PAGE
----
How much do hospital social workers make?

Medical social workers who work in general medical and surgical hospitals make an annual mean wage of $71,710, according to the U.S. Bureau of Labor Statistics (BLS). Those who work in individual and family services earn just under $51,000 annually, while those employed in home healthcare earn just over $67,000 per year. Among the five states with the highest employment levels for healthcare social workers, the annual mean wage ranges from $58,420 in Florida to $84,690 in California.

The job outlook for social workers in general looks good for the next few years. The BLS projects growth of nine percent from 2021 to 2031, faster than the average for all occupations.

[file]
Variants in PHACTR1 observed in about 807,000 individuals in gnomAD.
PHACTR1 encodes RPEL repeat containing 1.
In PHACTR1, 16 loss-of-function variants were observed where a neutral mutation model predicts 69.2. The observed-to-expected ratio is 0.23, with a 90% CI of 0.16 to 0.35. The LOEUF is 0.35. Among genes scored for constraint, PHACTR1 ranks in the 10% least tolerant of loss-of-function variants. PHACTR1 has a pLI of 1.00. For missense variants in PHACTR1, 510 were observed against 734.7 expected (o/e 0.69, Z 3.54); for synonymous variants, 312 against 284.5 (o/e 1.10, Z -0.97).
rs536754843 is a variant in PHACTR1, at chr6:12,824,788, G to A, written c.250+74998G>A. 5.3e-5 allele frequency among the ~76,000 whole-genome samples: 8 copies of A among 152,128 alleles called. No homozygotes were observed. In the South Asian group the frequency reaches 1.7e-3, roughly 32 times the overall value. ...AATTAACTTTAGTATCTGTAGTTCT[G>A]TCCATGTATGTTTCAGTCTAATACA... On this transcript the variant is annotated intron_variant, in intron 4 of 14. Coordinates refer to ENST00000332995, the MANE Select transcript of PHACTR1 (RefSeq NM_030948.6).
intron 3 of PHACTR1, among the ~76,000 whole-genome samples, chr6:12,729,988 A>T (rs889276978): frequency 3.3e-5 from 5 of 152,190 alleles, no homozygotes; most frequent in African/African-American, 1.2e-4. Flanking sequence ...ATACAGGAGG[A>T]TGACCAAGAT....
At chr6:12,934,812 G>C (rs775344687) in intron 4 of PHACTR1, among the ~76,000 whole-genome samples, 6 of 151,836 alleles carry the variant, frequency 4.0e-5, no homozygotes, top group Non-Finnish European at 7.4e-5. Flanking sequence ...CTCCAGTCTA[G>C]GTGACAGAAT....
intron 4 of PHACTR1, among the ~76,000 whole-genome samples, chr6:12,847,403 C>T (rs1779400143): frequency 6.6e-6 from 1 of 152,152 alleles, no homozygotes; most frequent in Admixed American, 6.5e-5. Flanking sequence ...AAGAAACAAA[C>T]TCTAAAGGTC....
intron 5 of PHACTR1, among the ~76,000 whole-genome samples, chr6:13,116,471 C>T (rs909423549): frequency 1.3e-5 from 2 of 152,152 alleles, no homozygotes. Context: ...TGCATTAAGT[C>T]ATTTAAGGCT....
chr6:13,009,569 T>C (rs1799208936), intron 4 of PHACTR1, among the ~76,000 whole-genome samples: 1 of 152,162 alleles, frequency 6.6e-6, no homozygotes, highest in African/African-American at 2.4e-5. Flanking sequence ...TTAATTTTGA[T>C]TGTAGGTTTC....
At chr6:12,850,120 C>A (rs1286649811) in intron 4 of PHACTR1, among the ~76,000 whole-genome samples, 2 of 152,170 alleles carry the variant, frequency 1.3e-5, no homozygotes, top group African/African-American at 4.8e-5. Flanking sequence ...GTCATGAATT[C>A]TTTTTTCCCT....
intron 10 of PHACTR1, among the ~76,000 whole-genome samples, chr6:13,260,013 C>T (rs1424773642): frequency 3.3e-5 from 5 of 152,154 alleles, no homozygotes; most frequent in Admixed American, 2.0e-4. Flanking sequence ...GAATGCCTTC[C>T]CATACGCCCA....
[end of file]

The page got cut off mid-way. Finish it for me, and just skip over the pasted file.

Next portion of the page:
Questions or feedback? Email

About the Author

Eddie Huffman is the author of John Prine: In Spite of Himself and a forthcoming biography of Doc Watson. He has written for Rolling Stone, the New York Times, Utne Reader, All Music Guide, Goldmine, the Virgin Islands Source, and many other publications.

About the Editor

Tom Meltzer spent over 20 years writing and teaching for The Princeton Review, where he was lead author of the company's popular guide to colleges, before joining Noodle.

To learn more about our editorial standards, you can click here.


You May Also Like To Read

Categorized as: CounselingSocial WorkSocial Work & Counseling & Psychology